Sustainable from the start – how to stay ahead of the curve on sustainability?
Most major conglomerates nowadays have sustainability goals and/or a defined ESG agenda on which they commit to deliver to their stakeholders. However, the sequence of events which lead to sustainable strategies being put in place leave a lot to be desired. First the corporate sets up a facility, then there is a push on measuring consumption/emissions caused due to the facility and the corresponding supply chain, and only after all these exercises are complete is there a push to implement sustainability measures to control emissions. This essentially results in a process which is inherently retroactive in nature.
But what if there was a different process in place? What if a corporate already accounted for a new plant being operationalized and implemented mitigation measures in advance to eliminate any adverse impact to the environment? Ideally, the organization would setup renewable electricity capacity, water infrastructure, upcycling initiatives for non-hazardous waste and safe disposal practices for hazardous effluents /or emissions. The net result of all these benefits would result in a sustainable ecosystem which would benefit the community and enable the organization to sustain long term operations.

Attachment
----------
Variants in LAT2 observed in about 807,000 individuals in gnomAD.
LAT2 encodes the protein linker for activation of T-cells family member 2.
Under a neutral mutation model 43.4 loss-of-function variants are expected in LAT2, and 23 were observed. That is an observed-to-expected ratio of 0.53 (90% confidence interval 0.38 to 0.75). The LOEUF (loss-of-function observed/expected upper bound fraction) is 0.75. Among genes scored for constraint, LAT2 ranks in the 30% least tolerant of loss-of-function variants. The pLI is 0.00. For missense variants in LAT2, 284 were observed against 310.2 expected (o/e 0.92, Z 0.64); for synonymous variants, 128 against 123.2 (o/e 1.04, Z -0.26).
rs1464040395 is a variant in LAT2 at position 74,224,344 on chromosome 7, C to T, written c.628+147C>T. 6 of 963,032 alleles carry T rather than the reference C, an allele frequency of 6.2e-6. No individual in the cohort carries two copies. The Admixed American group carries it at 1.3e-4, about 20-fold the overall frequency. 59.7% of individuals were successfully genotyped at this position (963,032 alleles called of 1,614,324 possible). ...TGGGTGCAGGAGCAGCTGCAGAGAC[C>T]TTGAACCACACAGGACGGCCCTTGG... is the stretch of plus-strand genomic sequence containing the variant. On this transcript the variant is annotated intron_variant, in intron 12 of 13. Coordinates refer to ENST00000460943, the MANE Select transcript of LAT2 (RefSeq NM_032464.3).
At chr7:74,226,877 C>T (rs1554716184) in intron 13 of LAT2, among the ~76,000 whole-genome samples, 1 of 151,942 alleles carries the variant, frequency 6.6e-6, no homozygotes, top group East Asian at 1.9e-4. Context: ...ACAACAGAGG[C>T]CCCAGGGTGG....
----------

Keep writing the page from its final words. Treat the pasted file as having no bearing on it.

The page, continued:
This proactive planning, if promoted by regulators and implemented by corporates can ensure that organizations sustain their business over a longer period by mitigating any environmental and community risks. In fact, there are some simple steps that a corporate can follow to ensure sustainability is embedded right from the start:
- 1. Understand resource requirements incl. logistics for a new product/plant. This is already available through BOMs, sales plans etc. What needs to change is that all requirements need to be assessed from a sustainability perspective. The lifecycle cost of all inputs/output of the facility or business operation needs to be analyzed.
- 2. Apply a cost to all natural resources being used. Ideally this should be the “True cost” and not just the procurement cost. This cost should then be used to set financial boundaries for potential interventions.
- 3. Encourage and educate internal stakeholders to identify interventions basis the “cost” identified in step #3. The target ROIs for this should consider relevant costs and need to be longer term vs commercial projects. Sustainability itself is only truly sustainable when it makes business sense.
- 4. Post-implementation, educate internal and external stakeholders on the need to monitor, maintain and report accurately. All infrastructure and technological interventions will need upkeep over time to ensure their effectiveness is not compromised.
- 5. Keep an eye out for any technological advancements or innovations which can help enable further optimization in resource consumption.
These simple rules, if implemented from the start, have the potential to truly imbibe sustainability in business processes and change the discourse on sustainability. The world would be a much better place if corporates design sustainably and encourage their value chain to think the same way. As the steps listed above suggest, sustainably is easy if done the right way - it's all about committing to it.
Authored By: Inesh Singh, AB InBev India